Juneberry – Amelanchier alnifolia Nutt.
Prized for their flowers and foliage color as much as their fruit, dozens of species of Amelanchier (Family Rosaceae, subfamily Pomoideae) are cultivated mostly as home garden plants in North America. Various species are adapted to every state in the US and province of Canada, but most fruit production occurs in northern areas – Michigan, Minnesota, Canada. Common names include: juneberry, serviceberry, sarvis or sarvistree, shadblow, swamp sugar pear, currant tree, snowy mespilus, indian pear, Saskatoon berry, Canadian medlar, bilberry, maycherry. The name “saskatoon” derives from the Blackfoot Indian word “mis-sask-quah-too-min”.
A. alnifolia Nutt. = Saskatoon, Juneberry or Western Serviceberry; this is the main species from which fruiting cultivars are derived. Other commonly used species include: A. arborea (Downy serviceberry), A. asiatica (Asian serviceberry), A. canadensis (shadblow seviceberry), A. laevis (Allegheny serviceberry).
ORIGIN OF AMELANCHIER ALNIFOLIA NUTT, HISTORY OF CULTIVATION
Juneberries have been collected from the wild by Native Americans and early settlers for centuries. Cultivation is relatively limited.
Folklore, medicinal and non-food uses.
Crude extracts of Amelanchier utahensis are being studied for use as cancer therapy drugs.
Production statistics – About 200-250 hectares of Amelanchier planted for “pick your own” fruit production in Alberta and Saskatchewan. Some feel that the industry could expand to about 4000 ha in the northern great plains. Bushes bear fruit in 2-4 yr after transplanting, up to 6 tons/acre (13MT/ha) under best conditions. Fruit ripen evenly in June-July, and can therefore be mechanically harvested. In fact, juneberries would be managed very similar to blueberries if planted to large acreages. Some people consider juneberries to be a blueberry substitute for the more extreme environments of the North American great plains.
WORLD AND UNITED STATES JUNEBERRY PRODUCTION
For the most up to date statistical data on United States and World production numbers please refer to the following two websites:
World: The Food and Agriculture Organization of the United Nations Statistics Division (FAOSTAT). FAOSTAT
United States: The United States Department of Agriculture National Agricultural Statistics Service (USDA Ag Stats). USDA Ag Stats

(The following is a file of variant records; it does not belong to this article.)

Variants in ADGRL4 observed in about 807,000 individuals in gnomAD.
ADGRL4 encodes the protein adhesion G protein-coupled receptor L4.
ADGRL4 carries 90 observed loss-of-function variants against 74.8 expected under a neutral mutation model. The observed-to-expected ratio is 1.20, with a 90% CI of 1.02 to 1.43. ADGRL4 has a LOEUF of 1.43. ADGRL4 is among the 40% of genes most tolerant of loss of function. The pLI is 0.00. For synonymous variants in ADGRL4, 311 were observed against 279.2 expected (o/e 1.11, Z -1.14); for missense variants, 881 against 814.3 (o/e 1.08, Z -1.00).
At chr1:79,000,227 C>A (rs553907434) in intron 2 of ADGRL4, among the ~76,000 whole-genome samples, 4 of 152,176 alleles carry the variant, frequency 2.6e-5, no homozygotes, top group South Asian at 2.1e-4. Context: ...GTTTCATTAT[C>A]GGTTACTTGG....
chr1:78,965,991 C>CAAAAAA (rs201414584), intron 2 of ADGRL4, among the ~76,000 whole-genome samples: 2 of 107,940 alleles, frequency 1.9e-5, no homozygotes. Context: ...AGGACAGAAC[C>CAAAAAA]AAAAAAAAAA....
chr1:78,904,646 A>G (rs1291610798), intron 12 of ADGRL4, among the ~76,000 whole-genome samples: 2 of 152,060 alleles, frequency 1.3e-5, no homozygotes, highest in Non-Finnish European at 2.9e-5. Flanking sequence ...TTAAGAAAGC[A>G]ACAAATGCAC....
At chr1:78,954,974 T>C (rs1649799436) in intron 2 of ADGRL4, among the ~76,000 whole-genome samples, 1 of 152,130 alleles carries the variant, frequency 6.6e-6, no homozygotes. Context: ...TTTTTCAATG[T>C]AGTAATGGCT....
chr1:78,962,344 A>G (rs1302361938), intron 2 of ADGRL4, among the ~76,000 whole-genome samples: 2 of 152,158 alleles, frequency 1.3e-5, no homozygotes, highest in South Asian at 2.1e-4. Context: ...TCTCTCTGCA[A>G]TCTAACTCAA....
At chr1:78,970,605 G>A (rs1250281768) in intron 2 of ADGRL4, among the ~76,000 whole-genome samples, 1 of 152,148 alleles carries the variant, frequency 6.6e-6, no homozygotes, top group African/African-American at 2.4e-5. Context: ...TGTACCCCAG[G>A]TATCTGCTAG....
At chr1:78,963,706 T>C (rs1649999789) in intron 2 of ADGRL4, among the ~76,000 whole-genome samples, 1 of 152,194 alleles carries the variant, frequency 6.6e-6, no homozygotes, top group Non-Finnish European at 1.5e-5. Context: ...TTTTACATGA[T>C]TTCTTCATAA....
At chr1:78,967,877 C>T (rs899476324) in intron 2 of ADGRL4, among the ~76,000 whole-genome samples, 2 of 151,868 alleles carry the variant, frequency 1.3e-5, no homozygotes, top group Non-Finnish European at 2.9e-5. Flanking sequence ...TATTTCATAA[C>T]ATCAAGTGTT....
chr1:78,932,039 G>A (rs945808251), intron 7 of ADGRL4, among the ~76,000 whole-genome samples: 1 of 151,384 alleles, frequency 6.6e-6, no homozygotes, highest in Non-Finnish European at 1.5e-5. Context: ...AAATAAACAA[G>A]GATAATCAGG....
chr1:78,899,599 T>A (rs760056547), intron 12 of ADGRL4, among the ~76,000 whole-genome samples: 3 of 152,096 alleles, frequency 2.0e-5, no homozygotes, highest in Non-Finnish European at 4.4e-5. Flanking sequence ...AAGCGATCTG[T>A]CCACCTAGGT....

JUNEBERRY BOTANICAL DESCRIPTION
A. Plant: Slender, erect shrub 6-15 ft tall.
C. Pollination: Unclear; since most plantings are seed propagated, a considerable degree of cross-pollination occurs.
JUNEBERRY GENERAL CULTURE
A. Soils and Climate:
Soil – Drought tolerance is higher than most small fruits; this plant flowers and fruits in the western great plains with limited rainfall and calcareous soil.
Climate – This species is native to the northern Great Plains over to the Pacific Northwest, and is said to have good adaptation to cool, semi-arid climates. I have seen several cultivars fruit and do well in the heat and humidity of Georgia, so climate does not appear to limit this species very much.
Chilling requirement – Unknown, but probably 500-1000 hr based on the performance of cultivars in Athens, GA (where they bloom earlier than other pome fruits)
Cold hardiness – No damage even at -60°C (-76°F)!
B. Propagation: Seedlings are most commonly grown. Clones are produced from suckers, root cuttings, or softwood cuttings.
C. Rootstocks: Usually not used; seedlings are grown commercially.
D. Orchard design, pruning, training: Bushes are spaced 6-8 ft apart in hedgerows 13-16 feet apart. Height is maintained at about 6 ft.
THE JUNEBERRY’S CONTRIBUTION TO DIET
Juneberries are most often processed into pies, jellies, jams, syrups, or wine. Fresh juneberries are fairly bland, seedy, and mealy (my opinion). Fruit harvested early is best for processing, and fully mature fruit are best for fresh consumption or wine. The plains indians used Amelanchier berries to make pemmican, a staple food consisting of dried lean meat, fat, and dried berries.